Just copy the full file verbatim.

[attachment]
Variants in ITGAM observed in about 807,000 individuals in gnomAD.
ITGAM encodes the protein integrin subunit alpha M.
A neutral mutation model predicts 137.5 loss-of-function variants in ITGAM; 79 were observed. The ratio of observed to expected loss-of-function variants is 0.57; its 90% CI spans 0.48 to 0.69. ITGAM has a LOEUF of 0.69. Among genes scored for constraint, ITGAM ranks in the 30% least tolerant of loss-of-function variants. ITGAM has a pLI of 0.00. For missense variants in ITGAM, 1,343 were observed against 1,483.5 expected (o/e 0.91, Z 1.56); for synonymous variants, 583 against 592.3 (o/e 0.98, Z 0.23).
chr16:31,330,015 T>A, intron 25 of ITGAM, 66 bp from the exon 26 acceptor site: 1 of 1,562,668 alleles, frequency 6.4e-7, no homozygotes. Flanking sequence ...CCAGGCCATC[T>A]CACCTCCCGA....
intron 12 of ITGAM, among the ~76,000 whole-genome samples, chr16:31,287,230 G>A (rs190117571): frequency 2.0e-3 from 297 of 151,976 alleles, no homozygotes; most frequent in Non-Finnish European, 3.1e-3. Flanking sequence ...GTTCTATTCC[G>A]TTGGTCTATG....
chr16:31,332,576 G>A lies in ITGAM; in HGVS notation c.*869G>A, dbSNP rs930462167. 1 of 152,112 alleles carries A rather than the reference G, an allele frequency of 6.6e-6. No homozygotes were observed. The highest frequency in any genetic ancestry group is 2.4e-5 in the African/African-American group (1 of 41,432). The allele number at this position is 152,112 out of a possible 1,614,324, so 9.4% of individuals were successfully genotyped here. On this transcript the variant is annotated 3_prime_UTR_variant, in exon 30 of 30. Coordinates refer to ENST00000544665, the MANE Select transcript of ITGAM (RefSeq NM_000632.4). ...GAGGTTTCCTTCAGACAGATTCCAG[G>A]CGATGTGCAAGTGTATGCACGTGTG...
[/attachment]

Variants in ITGAM observed in about 807,000 individuals in gnomAD.
ITGAM encodes the protein integrin subunit alpha M.
A neutral mutation model predicts 137.5 loss-of-function variants in ITGAM; 79 were observed. The ratio of observed to expected loss-of-function variants is 0.57; its 90% CI spans 0.48 to 0.69. ITGAM has a LOEUF of 0.69. Among genes scored for constraint, ITGAM ranks in the 30% least tolerant of loss-of-function variants. ITGAM has a pLI of 0.00. For missense variants in ITGAM, 1,343 were observed against 1,483.5 expected (o/e 0.91, Z 1.56); for synonymous variants, 583 against 592.3 (o/e 0.98, Z 0.23).
chr16:31,330,015 T>A, intron 25 of ITGAM, 66 bp from the exon 26 acceptor site: 1 of 1,562,668 alleles, frequency 6.4e-7, no homozygotes. Flanking sequence ...CCAGGCCATC[T>A]CACCTCCCGA....
intron 12 of ITGAM, among the ~76,000 whole-genome samples, chr16:31,287,230 G>A (rs190117571): frequency 2.0e-3 from 297 of 151,976 alleles, no homozygotes; most frequent in Non-Finnish European, 3.1e-3. Flanking sequence ...GTTCTATTCC[G>A]TTGGTCTATG....
chr16:31,332,576 G>A lies in ITGAM; in HGVS notation c.*869G>A, dbSNP rs930462167. 1 of 152,112 alleles carries A rather than the reference G, an allele frequency of 6.6e-6. No homozygotes were observed. The highest frequency in any genetic ancestry group is 2.4e-5 in the African/African-American group (1 of 41,432). The allele number at this position is 152,112 out of a possible 1,614,324, so 9.4% of individuals were successfully genotyped here. On this transcript the variant is annotated 3_prime_UTR_variant, in exon 30 of 30. Coordinates refer to ENST00000544665, the MANE Select transcript of ITGAM (RefSeq NM_000632.4). ...GAGGTTTCCTTCAGACAGATTCCAG[G>A]CGATGTGCAAGTGTATGCACGTGTG...